Over the next month I chopped up the videos, and had my boy Orrin (@realorrin) come through to do the audio. He’s the voice of the characters, and he helped me build the soundscape for the entire thing.

To be honest, creating these animations was one of the greatest things I’ve ever had the opportunity to partake in. Everyone who worked on it really is a genius in one way or another, and it was such an impactful experience as a whole. Something I’ll personally never forget.

Shoutout to Luke, Sarah, Moros, Angelo, Nick, Kimari, Orrin, & Tex.


Do you plan on doing more releases with crazy concepts to go along with them?

The first 4 years of Brigade I believe were practice in a way. I look at it like school, being that I dropped out to commit to this full time. With 2018 coming to a close, we’re graduating. I believe I’ve really tuned into a new frequency as an artist & as an entrepreneur which is going to show everyone why Brigade will live forever. This is the beginning of something monumental, and the family is only going to get bigger & better as we grow older.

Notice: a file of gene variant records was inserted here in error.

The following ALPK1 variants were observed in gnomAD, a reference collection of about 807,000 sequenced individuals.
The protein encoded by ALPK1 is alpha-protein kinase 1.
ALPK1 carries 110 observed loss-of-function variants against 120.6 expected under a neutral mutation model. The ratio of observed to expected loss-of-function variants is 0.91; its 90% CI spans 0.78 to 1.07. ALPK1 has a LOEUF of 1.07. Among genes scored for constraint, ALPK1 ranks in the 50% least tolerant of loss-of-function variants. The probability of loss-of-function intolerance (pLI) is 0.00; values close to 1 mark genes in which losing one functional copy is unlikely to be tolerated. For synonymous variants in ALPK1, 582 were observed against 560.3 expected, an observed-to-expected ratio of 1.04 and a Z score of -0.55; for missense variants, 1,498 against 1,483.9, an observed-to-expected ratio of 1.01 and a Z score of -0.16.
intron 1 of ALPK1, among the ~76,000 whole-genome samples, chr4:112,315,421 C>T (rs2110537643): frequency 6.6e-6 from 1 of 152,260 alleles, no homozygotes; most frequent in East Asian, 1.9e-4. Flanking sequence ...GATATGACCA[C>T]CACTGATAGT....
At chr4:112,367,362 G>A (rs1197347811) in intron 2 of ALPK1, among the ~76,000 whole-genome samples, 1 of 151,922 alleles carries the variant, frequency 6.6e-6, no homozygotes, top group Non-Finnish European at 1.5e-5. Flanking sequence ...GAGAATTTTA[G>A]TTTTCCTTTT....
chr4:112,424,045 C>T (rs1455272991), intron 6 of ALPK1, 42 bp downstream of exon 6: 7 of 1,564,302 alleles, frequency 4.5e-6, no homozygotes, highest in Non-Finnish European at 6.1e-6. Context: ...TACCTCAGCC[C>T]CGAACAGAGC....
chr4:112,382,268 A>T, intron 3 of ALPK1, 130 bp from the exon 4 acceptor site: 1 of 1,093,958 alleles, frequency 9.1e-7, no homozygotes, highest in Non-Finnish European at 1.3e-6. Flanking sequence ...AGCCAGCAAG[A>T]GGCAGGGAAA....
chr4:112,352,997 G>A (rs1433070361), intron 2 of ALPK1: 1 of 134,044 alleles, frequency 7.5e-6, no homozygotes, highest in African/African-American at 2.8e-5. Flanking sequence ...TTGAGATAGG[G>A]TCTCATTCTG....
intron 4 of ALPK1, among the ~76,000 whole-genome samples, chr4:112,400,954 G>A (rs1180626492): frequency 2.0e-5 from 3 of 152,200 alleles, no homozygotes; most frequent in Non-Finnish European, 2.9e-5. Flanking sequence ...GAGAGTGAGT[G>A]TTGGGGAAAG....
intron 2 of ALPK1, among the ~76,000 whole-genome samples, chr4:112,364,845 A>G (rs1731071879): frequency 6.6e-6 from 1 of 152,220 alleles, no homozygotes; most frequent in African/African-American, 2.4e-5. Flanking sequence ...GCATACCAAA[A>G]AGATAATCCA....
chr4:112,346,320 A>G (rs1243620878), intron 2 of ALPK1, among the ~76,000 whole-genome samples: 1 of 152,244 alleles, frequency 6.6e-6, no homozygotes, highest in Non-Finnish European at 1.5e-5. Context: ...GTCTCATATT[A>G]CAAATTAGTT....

I’m really into the idea of doing two seasons per year. Fall/Winter & Spring/Summer with a capsule collection in between each during the off seasons. I would like to use the off season capsules to express myself in further depth or collaborate with others to bring something fresh to the table every time. I’m sure this will change as the brand gets bigger but it’s all very exciting right now.


Take a look at the behind the scenes video shot by Kimari Hazward below: